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This article is part of the supplement: International Conference on Prevention & Infection Control (ICPIC 2011)

Open Access Poster presentation

Prevalence of livestock associated MRSA in blood isolates

BV Cleef12*, BV Benthem1, J Monen1, A Haenen1, NVD Sande-Bruinsma1 and J Kluytmans2

  • * Corresponding author: BV Cleef

Author Affiliations

1 Centre for Infectious Disease Control Netherlands, RIVM National Institute for Public Health and the Environment, Bilthoven, Netherlands

2 Department of Medical Microbiology and Infection Prevention, VU University Medical Centre, Amsterdam, Netherlands

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BMC Proceedings 2011, 5(Suppl 6):P170  doi:10.1186/1753-6561-5-S6-P170


The electronic version of this article is the complete one and can be found online at: http://www.biomedcentral.com/1753-6561/5/S6/P170


Published:29 June 2011

© 2011 Cleef et al; licensee BioMed Central Ltd.

This is an open access article distributed under the terms of the Creative Commons Attribution License (http://creativecommons.org/licenses/by/2.0), which permits unrestricted use, distribution, and reproduction in any medium, provided the original work is properly cited.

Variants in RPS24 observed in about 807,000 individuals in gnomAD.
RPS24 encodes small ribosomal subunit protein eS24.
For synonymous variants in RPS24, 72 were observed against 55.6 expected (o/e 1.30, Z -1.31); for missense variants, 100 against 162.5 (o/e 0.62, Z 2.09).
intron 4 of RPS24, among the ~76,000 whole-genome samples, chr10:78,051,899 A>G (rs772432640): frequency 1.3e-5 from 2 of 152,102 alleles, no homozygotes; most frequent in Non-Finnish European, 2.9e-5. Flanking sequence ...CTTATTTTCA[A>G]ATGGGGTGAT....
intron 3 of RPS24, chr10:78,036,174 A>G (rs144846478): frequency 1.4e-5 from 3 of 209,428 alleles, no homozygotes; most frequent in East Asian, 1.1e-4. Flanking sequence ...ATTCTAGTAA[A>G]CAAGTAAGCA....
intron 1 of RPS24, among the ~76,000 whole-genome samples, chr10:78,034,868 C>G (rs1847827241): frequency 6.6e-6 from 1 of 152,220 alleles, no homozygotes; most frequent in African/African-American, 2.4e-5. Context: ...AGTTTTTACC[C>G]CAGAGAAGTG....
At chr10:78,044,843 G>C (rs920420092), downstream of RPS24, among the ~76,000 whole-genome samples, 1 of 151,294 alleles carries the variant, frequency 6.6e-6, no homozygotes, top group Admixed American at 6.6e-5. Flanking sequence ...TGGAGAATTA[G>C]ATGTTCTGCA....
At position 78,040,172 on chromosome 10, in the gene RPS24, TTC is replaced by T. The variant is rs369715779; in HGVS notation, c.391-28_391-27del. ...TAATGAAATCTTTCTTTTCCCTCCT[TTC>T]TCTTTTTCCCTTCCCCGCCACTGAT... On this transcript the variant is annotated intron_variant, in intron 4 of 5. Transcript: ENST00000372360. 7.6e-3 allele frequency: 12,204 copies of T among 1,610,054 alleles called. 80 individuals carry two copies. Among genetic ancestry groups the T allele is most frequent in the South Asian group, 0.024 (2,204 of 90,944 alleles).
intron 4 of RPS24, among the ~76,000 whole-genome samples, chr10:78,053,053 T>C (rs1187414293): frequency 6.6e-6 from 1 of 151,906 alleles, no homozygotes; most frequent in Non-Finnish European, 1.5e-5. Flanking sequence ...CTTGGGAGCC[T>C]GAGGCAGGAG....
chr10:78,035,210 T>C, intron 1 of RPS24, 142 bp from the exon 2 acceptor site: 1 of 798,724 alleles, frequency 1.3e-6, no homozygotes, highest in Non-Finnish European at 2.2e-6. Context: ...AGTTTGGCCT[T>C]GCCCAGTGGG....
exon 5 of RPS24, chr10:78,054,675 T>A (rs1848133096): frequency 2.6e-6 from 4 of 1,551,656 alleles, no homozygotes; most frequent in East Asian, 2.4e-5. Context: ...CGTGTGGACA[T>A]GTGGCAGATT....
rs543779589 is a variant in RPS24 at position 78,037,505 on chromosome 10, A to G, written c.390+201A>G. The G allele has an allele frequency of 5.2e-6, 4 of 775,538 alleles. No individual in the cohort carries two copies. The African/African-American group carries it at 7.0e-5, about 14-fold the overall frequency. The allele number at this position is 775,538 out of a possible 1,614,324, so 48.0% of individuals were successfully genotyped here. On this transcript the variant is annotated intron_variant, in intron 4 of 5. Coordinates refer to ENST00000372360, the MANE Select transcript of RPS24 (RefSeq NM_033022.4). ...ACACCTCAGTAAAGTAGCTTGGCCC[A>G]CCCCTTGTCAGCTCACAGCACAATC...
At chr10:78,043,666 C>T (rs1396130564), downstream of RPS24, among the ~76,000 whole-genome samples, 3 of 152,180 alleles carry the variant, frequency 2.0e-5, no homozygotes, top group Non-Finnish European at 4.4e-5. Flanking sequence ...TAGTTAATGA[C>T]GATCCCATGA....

Introduction / objectives

In the Netherlands there is an extensive reservoir of livestock associated methicillin-resistant Staphylococcus aureus (LA-MRSA) in pigs and calves. The aim of this study was to establish the prevalence of LA-MRSA in human blood isolates.

Methods

This study was based on data from the national antibiotic resistance surveillance (ISIS-AR) in The Netherlands. The 22 participating laboratories cover approximately 50% of all hospital beds. Data from 2008 through 2010 on S. aureus (SA) isolates were evaluated for methicillin resistance and spa-type, to identify LA-MRSA strains. Only the first isolate per patient was included. For this preliminary examination, we used tetracycline resistance as an indicator for LA-MRSA. In further analysis presented at the congress, spa-types will be included.

Results

The proportion of MRSA of all episodes of SA bacteremia was 1.5% (51/3355). Of the MRSA isolates with an antibiotic resistance profile, 17% were tetracycline resistant (8/48, 95%CI 9-30%). The proportion of tetracycline resistance in MRSA isolates from other sources was 41% (872/2124, 95%CI 39-43%, chi-square blood vs non-blood p<0.0001). Extrapolation results in an average annual incidence of 5.3 patients with LA-MRSA bacteremia in The Netherlands.

Conclusion

The current annual incidence of LA-MRSA bacteremia is low. Tetracycline resistant MRSA is significantly less prevalent in MRSA blood isolates compared to non-blood isolates. This can be the result of an excessive screening regime resulting in overrepresentation in non-invasive isolates or a decreased virulence of the livestock associated strains.

Disclosure of interest

None declared.